Here are two highlights from the dual track journey toward a lighter energy footprint, some lessons learned, and a glimpse of where we are headed next.
From the very beginning, we realized that efficiency was the most critical path forward, and we’ve seen marked improvements in this area over the last several years. Efficiency becomes even more important for a company like AT&T that is experiencing significant energy growth pressure because of the growth of our network. After all, the more voice, data, and video content we deliver, the more power is required to run our network. So we put a focus on reining in the associated energy needed to accommodate network capacity.
A few years ago, we developed an “intensity metric” that compares the amount of electricity used in kilowatt hours (kWh) to the amount of traffic we carry on our network (in Terabytes). This metric has been a guidepost to measure energy management performance. Since we set a baseline in 2008, we have realized almost a 47% reduction. We continue to emphasize improvement by setting a goal to reduce that intensity by 60% by 2014, as compared to the 2008 baseline.
The energy efficiency improvements we’ve made have also translated into real dollar savings. In 2011, we implemented more than 4,500 energy efficiency projects, which yielded annualized energy savings of $42 million. Combined with 2010 efforts, we’ve implemented 8,700 projects with annualized savings of $86 million.
These numbers gloss over the day-to-day actions that have made them possible. How did we stimulate these energy efficiency improvements company wide? It’s all about scale and visibility. Our real estate portfolio is extensive, which means that our facility managers (fms) are critical links in achieving company wide energy goals and implementing projects at the site level.
To provide visibility of our performance, we use an Energy Scorecard, which measures the energy performance at the top 1,000 energy intensive facilities. The fms at these sites—the “Energy Champions”—are able to see their performance via a simple format similar to a report card, complete with grades from A to D. The Scorecards are available each month so that Energy Champions can review their progress and stay on target for energy goals.
Every quarter, I convene a meeting with our Energy Leadership Team to review the Scorecard performances. The scores are based on year-over-year energy consumption comparison, projects funded and completed, training undertaken, and a few other energy-associated variables.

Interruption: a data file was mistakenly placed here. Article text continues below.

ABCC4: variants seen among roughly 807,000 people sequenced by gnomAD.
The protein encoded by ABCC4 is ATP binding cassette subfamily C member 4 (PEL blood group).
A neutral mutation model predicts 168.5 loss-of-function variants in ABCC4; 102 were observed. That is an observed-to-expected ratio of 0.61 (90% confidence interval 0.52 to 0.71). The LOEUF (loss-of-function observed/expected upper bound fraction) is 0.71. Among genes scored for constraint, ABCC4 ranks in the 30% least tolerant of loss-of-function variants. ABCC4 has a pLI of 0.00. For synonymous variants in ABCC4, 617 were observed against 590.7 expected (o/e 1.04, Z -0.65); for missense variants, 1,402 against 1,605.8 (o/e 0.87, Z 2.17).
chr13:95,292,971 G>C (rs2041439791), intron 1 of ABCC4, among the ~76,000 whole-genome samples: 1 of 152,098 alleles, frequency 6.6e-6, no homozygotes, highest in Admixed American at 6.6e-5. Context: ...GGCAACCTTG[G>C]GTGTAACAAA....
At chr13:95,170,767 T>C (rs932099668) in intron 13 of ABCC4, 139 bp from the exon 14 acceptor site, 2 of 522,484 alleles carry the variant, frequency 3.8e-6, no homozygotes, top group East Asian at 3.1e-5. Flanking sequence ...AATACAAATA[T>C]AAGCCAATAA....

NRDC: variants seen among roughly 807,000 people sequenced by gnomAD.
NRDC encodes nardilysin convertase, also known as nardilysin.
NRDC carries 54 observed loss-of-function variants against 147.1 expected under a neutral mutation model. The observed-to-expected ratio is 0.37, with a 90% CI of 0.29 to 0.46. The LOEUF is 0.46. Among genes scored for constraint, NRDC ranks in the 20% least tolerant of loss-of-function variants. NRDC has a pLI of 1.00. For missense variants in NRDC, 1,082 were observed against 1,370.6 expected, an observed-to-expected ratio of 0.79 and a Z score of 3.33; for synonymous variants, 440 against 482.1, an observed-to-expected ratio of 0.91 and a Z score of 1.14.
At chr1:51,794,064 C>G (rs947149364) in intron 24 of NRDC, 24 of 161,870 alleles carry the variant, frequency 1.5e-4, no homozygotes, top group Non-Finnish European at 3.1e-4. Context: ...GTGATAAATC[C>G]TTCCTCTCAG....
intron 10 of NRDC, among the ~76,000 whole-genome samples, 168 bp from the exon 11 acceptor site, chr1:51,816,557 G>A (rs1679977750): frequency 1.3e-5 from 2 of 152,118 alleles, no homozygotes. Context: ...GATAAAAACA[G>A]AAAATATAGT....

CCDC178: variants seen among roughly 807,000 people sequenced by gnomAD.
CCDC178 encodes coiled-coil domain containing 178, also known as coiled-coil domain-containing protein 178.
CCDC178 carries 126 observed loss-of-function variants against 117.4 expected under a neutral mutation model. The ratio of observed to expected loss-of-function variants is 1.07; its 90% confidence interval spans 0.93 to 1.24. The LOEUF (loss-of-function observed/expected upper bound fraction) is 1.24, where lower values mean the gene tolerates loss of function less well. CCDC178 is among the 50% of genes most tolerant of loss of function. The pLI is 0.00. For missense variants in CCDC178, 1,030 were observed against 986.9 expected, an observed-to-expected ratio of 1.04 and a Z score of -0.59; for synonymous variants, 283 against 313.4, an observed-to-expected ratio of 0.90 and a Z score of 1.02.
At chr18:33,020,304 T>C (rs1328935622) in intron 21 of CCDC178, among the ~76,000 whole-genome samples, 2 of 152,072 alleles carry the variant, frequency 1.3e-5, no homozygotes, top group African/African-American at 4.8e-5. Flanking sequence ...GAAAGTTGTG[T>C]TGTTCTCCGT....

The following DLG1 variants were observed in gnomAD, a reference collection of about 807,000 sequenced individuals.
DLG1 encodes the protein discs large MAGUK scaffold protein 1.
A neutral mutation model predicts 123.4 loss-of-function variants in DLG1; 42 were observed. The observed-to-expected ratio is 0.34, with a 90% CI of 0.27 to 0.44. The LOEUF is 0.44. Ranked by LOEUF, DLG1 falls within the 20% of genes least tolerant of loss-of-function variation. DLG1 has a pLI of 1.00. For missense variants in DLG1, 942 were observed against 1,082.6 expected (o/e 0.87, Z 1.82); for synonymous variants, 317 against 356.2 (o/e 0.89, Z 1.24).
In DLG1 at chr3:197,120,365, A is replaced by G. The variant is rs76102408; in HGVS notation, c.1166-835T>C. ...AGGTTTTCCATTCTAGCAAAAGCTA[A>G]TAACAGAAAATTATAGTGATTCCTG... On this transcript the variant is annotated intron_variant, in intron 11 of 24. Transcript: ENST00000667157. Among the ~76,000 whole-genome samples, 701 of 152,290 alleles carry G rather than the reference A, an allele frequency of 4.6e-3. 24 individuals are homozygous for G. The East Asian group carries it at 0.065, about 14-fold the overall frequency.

It’s important to note that the heaviest weighting in the grade comes from our project work. While electricity reduction is the goal, we recognize that some elements that may drive consumption up (such as especially hot summers or increased occupants or equipment in a facility) are out of the control of the fms, so we put the greatest emphasis on project work. After all, these initiatives are the engine that will drive efficiency for the company.
We reached an important milestone with our fms this past year. One hundred percent of them had energy goals included in their annual performance review scorecards. We wanted to be sure that these critically important members of the company’s energy team would internalize the need for energy efficiency, and linking it to annual reviews gives them a stake in the goal. In 2011, Scorecard grades improved by 4.5% compared to 2010, so we’re confident that it is working.
Exploring New Forms Of Power
While focusing on increasing energy efficiency, we are also pursuing alternative energy. When the costs are comparable, we choose alternative energy sources to reduce dependence on “dirty” sources of energy. We currently have 13 contracted solar systems in California and New Jersey and purchase wind energy in Texas through Austin Energy’s GreenChoice program, but it’s the recent focus on fuel cell deployments in California that is showing increasing promise.
In 2011, we started working with Sunnyvale, CA-based Bloom Energy to install its “Bloom Box” fuel cell technology at 11 of our California facilities. All systems were online by the end of June 2012, and together, these will produce 62 million kilowatt hours (kWh) per year. This is equivalent to powering more than 5,331 homes each year,